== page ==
class MyModel(ndb.Model):
    def _get_kind(cls):
      return 'AnotherKind'

An application should not define two model classes with the same kind, even if they live in different modules. An application's kinds are considered a global "namespace".

Model subclasses may define pre-call and post-call hooks for most operations (get, put, delete, allocate_ids).


An application won't normally call Model(), but is likely to call the constructor of a class that inherits from Model. This creates a new instance of this model, also known as an entity.

The newly-created entity isn't automatically written to the Datastore. To make that happen, it must be written to the Datastore using an explicit call to put().


Model subclasses support these keyword arguments:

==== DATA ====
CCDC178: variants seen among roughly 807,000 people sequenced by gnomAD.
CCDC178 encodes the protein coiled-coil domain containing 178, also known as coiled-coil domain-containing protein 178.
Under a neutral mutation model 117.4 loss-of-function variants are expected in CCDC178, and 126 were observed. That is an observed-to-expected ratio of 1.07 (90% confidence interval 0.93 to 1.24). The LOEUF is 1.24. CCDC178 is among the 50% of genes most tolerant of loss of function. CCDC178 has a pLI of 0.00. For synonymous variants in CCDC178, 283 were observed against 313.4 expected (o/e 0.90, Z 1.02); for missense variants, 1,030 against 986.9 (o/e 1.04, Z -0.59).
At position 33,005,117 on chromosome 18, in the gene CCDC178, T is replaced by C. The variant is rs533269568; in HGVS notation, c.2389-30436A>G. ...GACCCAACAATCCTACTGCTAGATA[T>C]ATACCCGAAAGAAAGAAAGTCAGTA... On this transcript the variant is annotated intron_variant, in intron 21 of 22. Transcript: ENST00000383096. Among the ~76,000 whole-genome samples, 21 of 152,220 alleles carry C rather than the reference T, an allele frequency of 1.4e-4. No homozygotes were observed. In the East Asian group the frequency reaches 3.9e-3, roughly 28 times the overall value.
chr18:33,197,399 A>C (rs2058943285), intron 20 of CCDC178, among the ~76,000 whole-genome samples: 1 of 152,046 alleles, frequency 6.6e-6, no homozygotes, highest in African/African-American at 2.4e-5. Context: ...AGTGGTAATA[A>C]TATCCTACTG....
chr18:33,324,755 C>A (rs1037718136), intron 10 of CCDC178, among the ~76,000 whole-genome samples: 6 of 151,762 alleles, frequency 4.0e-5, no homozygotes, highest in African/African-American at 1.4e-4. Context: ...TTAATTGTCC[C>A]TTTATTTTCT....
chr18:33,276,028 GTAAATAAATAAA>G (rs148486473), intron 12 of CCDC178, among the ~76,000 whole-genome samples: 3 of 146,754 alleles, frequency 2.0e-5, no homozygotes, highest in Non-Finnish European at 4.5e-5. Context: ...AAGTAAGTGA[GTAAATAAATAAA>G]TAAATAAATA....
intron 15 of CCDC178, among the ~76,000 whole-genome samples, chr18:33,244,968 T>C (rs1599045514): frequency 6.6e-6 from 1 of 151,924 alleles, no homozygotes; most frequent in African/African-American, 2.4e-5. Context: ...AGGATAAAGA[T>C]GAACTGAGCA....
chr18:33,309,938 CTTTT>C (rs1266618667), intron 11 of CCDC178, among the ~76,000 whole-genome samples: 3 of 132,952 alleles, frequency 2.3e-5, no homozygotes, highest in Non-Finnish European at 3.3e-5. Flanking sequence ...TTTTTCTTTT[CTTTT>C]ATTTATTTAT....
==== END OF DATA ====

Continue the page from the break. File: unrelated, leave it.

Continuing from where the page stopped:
Key instance for this model. If the key parameter is used, id and parent must be None (the default).
Key id for this model. If id is used, key must be None (the default).
Key instance for the parent model or None for a top-level one. If parent is used, key must be None.
Namespace to use for this entity, or None (default) to use the current namespace. If namespace is used, key must be None.

An application can also use keyword arguments mapping to the model's properties. For example, the following works:

class Person(ndb.Model):
  name = StringProperty()
  age = IntegerProperty()

p = Person(name='Arthur Dent', age=42)

You cannot easily define a property named "key", "id", "parent", or "namespace". If you pass, for example, key="foo" in a constructor or populate() call, it sets the entity's key, not a property attribute named "key".